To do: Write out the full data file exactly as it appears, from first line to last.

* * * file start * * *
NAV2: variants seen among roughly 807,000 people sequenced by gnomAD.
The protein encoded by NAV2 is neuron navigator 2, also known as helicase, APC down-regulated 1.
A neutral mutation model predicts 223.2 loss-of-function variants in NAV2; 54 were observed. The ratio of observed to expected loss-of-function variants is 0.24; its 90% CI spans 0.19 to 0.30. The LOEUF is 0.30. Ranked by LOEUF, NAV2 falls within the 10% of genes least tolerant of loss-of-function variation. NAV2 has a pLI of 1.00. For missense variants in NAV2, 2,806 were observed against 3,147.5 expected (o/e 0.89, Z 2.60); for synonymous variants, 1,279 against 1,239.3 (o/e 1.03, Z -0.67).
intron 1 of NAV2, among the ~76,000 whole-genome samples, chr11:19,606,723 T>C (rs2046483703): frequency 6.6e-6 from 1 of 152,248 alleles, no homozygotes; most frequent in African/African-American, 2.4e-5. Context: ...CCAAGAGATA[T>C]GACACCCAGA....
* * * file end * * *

NAV2: variants seen among roughly 807,000 people sequenced by gnomAD.
The protein encoded by NAV2 is neuron navigator 2, also known as helicase, APC down-regulated 1.
A neutral mutation model predicts 223.2 loss-of-function variants in NAV2; 54 were observed. The ratio of observed to expected loss-of-function variants is 0.24; its 90% CI spans 0.19 to 0.30. The LOEUF is 0.30. Ranked by LOEUF, NAV2 falls within the 10% of genes least tolerant of loss-of-function variation. NAV2 has a pLI of 1.00. For missense variants in NAV2, 2,806 were observed against 3,147.5 expected (o/e 0.89, Z 2.60); for synonymous variants, 1,279 against 1,239.3 (o/e 1.03, Z -0.67).
intron 1 of NAV2, among the ~76,000 whole-genome samples, chr11:19,606,723 T>C (rs2046483703): frequency 6.6e-6 from 1 of 152,248 alleles, no homozygotes; most frequent in African/African-American, 2.4e-5. Context: ...CCAAGAGATA[T>C]GACACCCAGA....